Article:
As October draws to a close, you may be a little tired of seeing pink Breast Cancer Awareness-themed merchandise or events all over the place. Many critics of breast cancer awareness efforts argue that these campaigns view breast cancer through rose-colored glasses or that retailers take advantage of this feel-good cause to increase sales.
First, the good news is that according to the Centers for Disease Control and Prevention, deaths from breast cancer have declined 35% from 1990 to 2011. At the same time, the number of nonprofits devoted to fighting breast cancer has grown exponentially, from a mere handful in 1989 to over 200 in 2011; these organizations are responsible for raising over $550 million in total revenue each year.
These numbers are promising, but there’s still more to be done. According to the World Health Organization, women still get breast cancer for more often than any other form of cancer, with 16.8 million cases diagnosed in 2012. And in the United States, breast cancer cases are actually increasing: diagnoses are projected to increase to 232,670 this year, up from 192,370 in 2009, according to the American Cancer Society.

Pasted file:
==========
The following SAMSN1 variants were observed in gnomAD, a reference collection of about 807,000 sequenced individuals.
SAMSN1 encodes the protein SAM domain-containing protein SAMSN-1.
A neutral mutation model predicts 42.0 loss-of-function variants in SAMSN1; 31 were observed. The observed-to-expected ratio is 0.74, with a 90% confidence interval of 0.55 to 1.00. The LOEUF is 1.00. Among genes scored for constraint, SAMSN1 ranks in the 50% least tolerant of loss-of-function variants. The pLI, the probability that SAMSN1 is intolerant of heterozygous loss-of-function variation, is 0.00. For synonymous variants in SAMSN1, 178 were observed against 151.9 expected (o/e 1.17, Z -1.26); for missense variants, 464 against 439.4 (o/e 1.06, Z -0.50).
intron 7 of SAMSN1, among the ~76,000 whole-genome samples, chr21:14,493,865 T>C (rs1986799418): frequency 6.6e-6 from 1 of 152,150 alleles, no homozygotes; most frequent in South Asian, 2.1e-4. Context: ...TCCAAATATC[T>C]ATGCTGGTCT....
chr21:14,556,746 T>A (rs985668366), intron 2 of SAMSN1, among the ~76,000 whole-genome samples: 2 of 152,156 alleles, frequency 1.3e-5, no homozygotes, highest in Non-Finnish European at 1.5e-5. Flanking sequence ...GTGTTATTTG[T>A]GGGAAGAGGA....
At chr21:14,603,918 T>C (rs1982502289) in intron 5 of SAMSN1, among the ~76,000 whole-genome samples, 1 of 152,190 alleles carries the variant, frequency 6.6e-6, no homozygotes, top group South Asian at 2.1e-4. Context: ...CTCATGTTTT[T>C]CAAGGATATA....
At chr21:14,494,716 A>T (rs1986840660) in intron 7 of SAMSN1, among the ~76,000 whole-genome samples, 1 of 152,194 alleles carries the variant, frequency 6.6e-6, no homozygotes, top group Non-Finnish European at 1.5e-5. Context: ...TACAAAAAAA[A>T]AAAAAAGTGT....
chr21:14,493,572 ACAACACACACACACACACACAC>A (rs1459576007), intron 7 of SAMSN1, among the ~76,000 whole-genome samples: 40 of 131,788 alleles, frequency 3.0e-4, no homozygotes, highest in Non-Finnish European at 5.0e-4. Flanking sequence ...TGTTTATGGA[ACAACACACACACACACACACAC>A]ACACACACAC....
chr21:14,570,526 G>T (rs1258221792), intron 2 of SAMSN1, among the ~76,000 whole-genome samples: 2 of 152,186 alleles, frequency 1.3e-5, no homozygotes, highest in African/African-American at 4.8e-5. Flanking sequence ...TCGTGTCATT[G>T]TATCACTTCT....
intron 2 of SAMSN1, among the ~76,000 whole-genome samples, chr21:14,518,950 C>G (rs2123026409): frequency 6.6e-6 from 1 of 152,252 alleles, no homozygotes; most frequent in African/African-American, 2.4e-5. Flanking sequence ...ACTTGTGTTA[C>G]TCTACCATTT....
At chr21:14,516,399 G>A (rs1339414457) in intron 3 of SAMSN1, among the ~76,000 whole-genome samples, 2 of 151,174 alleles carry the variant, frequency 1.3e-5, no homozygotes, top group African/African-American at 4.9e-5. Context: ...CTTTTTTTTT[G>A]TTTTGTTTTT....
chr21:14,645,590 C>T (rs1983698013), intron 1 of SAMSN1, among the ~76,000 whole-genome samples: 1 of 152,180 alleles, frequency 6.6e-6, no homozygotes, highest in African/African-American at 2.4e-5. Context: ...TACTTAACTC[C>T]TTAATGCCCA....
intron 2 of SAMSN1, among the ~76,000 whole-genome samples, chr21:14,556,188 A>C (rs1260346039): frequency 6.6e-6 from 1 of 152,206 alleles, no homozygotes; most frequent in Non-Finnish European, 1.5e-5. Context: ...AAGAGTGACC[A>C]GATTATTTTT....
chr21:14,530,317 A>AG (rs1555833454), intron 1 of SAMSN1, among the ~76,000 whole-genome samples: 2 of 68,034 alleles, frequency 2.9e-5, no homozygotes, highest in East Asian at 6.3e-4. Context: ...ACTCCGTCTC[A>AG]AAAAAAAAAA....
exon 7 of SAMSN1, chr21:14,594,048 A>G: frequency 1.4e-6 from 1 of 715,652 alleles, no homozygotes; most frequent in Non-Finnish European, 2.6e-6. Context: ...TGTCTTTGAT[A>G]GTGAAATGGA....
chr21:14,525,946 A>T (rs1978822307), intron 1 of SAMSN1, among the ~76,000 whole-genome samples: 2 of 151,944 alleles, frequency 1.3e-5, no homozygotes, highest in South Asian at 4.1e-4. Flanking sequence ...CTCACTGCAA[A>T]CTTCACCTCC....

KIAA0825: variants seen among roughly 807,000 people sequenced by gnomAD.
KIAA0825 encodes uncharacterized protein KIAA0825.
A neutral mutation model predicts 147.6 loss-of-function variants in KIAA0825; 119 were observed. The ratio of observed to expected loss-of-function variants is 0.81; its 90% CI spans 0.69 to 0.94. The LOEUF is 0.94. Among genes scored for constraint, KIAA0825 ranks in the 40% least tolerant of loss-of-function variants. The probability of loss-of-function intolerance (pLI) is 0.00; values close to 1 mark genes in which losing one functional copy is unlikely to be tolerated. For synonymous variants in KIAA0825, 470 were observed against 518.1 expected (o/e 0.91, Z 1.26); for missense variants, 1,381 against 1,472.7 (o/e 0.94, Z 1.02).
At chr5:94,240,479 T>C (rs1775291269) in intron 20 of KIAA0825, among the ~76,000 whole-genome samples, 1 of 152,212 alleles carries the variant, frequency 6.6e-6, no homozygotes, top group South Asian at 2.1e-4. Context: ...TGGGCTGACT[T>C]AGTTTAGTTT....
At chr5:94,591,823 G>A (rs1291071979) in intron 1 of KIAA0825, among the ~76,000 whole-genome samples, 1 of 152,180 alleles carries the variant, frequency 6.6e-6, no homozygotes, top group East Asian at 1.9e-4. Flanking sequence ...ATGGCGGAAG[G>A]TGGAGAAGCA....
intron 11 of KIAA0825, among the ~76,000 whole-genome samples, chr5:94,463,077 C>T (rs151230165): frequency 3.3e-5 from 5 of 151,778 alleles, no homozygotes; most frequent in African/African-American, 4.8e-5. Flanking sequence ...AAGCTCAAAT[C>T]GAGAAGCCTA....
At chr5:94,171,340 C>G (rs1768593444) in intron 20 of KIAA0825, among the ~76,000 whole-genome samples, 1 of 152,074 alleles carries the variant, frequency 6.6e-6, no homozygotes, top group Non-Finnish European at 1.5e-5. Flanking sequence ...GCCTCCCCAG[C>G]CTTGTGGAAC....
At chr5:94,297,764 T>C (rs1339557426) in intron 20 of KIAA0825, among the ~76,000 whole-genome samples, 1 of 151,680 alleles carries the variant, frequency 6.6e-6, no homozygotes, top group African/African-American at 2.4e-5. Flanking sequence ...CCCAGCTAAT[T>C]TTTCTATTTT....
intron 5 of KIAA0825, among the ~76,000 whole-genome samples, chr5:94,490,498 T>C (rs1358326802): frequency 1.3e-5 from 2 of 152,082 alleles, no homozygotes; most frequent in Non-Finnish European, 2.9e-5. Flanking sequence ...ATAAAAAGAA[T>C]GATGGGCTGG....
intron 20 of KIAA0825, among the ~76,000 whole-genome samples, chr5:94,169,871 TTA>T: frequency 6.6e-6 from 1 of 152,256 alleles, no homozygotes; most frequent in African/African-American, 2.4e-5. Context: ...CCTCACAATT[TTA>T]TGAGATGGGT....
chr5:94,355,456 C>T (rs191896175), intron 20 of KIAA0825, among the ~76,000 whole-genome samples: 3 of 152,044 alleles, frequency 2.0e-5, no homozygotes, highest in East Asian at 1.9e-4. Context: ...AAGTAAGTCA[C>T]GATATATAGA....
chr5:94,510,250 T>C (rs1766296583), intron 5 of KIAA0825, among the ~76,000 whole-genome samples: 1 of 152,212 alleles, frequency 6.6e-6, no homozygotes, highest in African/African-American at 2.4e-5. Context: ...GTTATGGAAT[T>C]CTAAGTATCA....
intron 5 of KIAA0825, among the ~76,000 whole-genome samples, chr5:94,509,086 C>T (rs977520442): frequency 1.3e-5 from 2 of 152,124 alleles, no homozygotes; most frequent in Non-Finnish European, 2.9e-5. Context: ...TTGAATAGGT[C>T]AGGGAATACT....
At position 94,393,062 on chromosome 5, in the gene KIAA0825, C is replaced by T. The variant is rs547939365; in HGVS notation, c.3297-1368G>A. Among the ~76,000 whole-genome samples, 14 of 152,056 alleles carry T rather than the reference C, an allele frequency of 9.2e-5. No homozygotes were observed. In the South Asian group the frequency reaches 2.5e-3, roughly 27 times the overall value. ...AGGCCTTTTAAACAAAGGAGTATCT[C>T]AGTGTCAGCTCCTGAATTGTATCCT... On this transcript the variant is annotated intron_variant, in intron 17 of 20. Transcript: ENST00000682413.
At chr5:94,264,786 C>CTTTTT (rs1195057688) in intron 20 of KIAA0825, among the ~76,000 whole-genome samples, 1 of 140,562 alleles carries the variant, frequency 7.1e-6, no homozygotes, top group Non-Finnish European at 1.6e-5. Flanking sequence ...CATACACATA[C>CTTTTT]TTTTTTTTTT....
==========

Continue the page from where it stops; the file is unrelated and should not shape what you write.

As long as women are still being diagnosed and dying from breast cancer, there’s still work for us to do. Nonprofit organizations can utilize the foundation and audience that breast cancer awareness has built up to plan meaningful, engaging campaigns for their constituents, and together, we can stamp out breast cancer.